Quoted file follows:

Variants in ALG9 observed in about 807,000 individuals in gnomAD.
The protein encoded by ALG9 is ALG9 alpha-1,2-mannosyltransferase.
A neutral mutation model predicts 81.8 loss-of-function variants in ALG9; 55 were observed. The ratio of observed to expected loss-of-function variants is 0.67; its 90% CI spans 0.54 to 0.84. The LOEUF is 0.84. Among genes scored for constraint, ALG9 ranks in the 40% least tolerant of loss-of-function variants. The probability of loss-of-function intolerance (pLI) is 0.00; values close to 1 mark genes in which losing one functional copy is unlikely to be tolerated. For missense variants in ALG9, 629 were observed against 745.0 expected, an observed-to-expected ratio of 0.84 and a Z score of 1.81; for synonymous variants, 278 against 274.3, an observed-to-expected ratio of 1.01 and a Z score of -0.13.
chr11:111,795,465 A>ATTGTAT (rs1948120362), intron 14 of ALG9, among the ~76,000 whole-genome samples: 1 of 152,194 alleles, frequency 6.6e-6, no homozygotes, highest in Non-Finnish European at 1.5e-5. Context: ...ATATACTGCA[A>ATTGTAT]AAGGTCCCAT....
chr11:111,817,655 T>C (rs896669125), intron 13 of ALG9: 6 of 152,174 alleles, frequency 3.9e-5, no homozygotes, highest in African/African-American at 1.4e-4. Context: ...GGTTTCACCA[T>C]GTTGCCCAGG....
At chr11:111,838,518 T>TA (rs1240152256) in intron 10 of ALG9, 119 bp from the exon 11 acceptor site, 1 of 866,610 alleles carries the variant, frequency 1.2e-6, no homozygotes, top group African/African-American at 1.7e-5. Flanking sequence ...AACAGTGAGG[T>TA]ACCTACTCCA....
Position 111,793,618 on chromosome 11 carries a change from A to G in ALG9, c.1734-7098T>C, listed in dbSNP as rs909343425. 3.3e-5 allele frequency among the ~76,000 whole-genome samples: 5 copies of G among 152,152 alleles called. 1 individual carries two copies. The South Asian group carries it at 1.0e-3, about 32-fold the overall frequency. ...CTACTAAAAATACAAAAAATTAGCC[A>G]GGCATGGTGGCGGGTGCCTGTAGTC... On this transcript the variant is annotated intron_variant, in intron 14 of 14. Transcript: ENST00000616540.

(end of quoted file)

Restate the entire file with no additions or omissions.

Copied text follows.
Variants in ALG9 observed in about 807,000 individuals in gnomAD.
The protein encoded by ALG9 is ALG9 alpha-1,2-mannosyltransferase.
A neutral mutation model predicts 81.8 loss-of-function variants in ALG9; 55 were observed. The ratio of observed to expected loss-of-function variants is 0.67; its 90% CI spans 0.54 to 0.84. The LOEUF is 0.84. Among genes scored for constraint, ALG9 ranks in the 40% least tolerant of loss-of-function variants. The probability of loss-of-function intolerance (pLI) is 0.00; values close to 1 mark genes in which losing one functional copy is unlikely to be tolerated. For missense variants in ALG9, 629 were observed against 745.0 expected, an observed-to-expected ratio of 0.84 and a Z score of 1.81; for synonymous variants, 278 against 274.3, an observed-to-expected ratio of 1.01 and a Z score of -0.13.
chr11:111,795,465 A>ATTGTAT (rs1948120362), intron 14 of ALG9, among the ~76,000 whole-genome samples: 1 of 152,194 alleles, frequency 6.6e-6, no homozygotes, highest in Non-Finnish European at 1.5e-5. Context: ...ATATACTGCA[A>ATTGTAT]AAGGTCCCAT....
chr11:111,817,655 T>C (rs896669125), intron 13 of ALG9: 6 of 152,174 alleles, frequency 3.9e-5, no homozygotes, highest in African/African-American at 1.4e-4. Context: ...GGTTTCACCA[T>C]GTTGCCCAGG....
At chr11:111,838,518 T>TA (rs1240152256) in intron 10 of ALG9, 119 bp from the exon 11 acceptor site, 1 of 866,610 alleles carries the variant, frequency 1.2e-6, no homozygotes, top group African/African-American at 1.7e-5. Flanking sequence ...AACAGTGAGG[T>TA]ACCTACTCCA....
Position 111,793,618 on chromosome 11 carries a change from A to G in ALG9, c.1734-7098T>C, listed in dbSNP as rs909343425. 3.3e-5 allele frequency among the ~76,000 whole-genome samples: 5 copies of G among 152,152 alleles called. 1 individual carries two copies. The South Asian group carries it at 1.0e-3, about 32-fold the overall frequency. ...CTACTAAAAATACAAAAAATTAGCC[A>G]GGCATGGTGGCGGGTGCCTGTAGTC... On this transcript the variant is annotated intron_variant, in intron 14 of 14. Transcript: ENST00000616540.